This is a hard area to pin down because my challenges are many. I am blessed that I do not work outside my home. Besides taking care of an over-worked, ever-patient husband and two rescue dogs, my day is basically mine to do with what I want. By all accounts I should be producing much more than I am. I am a big time waster. Bad. Bad. Bad. (I am currently smacking the back of my hand with a pencil.)

But I consider laziness a personality flaw, not a challenge, so I’ll talk about the mistakes I keep making in every first draft I’ve ever done. (I hope my editor isn’t reading this, because she can surely identify at least 20 or 30 more challenges that drive her up the wall.)

Besides my shameless mutilation of the English language and simple rules of grammar, one of the first things I notice while re-reading a draft is how badly I repeat myself. I repeat myself. I repeat…

You get the picture. Like I said last week, the most important thing is to get the story down on paper. So I try (emphasis on try) to get the book down as quickly as possible. I shut off my inner critic and go to town. In other words, I dash thru it. That is if you consider a leisurely stroll a dash compared to some unnamed writers who spit out 4 or 5 books a year.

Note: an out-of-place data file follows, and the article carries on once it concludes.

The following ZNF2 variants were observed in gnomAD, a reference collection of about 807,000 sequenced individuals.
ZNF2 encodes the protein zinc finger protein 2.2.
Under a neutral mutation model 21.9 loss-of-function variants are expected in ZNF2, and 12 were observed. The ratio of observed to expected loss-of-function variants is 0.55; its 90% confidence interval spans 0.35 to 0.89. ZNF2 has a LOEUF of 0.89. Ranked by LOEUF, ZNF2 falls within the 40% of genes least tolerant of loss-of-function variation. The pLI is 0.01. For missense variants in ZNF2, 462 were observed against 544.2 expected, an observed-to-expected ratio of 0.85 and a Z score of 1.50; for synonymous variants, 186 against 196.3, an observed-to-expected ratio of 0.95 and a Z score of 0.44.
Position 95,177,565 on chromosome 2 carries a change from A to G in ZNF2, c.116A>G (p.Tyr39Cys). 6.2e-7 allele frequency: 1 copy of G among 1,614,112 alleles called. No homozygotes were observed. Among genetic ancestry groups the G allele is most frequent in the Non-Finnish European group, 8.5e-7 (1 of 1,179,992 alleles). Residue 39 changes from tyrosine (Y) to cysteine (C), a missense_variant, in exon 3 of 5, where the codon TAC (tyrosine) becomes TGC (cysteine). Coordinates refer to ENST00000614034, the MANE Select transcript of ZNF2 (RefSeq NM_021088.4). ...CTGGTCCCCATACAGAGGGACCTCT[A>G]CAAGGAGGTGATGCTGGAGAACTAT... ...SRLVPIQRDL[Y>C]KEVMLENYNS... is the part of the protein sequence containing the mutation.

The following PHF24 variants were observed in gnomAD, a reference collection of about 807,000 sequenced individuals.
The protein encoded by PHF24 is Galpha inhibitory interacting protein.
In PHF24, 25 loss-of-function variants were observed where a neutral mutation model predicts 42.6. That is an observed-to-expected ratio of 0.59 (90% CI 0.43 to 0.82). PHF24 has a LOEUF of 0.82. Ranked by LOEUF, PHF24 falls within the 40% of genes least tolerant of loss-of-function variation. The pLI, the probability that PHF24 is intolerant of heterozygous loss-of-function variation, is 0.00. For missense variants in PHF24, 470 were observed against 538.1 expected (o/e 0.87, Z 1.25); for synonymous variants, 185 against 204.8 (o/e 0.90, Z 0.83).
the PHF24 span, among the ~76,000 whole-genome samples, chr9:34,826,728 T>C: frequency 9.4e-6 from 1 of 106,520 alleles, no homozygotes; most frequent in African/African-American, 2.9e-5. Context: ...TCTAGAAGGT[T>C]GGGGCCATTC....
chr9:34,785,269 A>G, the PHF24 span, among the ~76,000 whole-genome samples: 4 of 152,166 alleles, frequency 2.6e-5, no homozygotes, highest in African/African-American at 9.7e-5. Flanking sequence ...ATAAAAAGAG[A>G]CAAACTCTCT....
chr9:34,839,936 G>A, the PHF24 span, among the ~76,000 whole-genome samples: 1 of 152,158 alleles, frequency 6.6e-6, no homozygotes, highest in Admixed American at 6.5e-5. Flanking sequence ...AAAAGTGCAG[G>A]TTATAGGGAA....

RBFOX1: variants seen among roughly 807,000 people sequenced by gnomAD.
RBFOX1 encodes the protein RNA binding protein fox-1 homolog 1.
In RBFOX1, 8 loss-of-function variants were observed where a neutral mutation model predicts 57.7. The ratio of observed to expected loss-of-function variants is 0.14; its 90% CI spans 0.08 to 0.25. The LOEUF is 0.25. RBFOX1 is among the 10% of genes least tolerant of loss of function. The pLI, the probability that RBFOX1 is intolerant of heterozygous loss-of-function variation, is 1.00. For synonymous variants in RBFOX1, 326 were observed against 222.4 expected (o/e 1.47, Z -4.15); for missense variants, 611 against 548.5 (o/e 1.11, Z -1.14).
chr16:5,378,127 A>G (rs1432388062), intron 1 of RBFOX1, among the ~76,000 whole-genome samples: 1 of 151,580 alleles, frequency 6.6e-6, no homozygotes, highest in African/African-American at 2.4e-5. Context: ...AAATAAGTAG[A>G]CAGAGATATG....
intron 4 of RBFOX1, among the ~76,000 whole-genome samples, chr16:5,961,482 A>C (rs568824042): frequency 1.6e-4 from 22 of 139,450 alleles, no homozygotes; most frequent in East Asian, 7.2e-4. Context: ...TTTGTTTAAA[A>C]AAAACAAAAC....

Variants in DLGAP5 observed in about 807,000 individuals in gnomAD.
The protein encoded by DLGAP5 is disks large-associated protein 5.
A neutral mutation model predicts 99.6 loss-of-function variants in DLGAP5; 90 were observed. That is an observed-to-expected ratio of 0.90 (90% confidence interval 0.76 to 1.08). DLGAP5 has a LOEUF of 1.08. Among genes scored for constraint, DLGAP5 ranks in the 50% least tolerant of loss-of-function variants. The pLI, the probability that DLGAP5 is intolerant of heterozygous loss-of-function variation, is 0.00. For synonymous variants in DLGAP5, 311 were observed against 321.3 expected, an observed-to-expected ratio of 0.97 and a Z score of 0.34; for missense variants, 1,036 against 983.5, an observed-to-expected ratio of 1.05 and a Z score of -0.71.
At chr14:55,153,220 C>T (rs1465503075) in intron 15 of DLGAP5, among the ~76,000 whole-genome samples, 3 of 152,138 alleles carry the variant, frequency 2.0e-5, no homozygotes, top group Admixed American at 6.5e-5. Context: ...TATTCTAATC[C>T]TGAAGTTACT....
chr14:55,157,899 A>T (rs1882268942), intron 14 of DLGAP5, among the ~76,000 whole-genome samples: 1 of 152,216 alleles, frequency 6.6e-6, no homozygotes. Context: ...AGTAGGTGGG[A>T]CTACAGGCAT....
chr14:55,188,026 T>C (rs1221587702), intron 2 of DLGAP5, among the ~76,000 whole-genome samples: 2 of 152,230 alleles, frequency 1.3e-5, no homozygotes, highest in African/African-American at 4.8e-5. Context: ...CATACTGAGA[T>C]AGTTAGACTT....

In my hurry to get the story down, I become redundant. Example: A little boy falls off a bridge into a rushing river. He manages to stay afloat until he is able to reach the safety of the shore a mile downstream.

I will write the scene thru the little boy’s eyes. Thirty pages later I forget I’ve already covered everything that needs to be covered so I retell the same story, giving the same information thru the little boy’s mother’s eyes. Then his father will tell the same story, once again giving the same rehashed information. By the end of the book, the same episode has been relived by everyone in the book, from the passerby on the bridge to the trout the little boy landed on.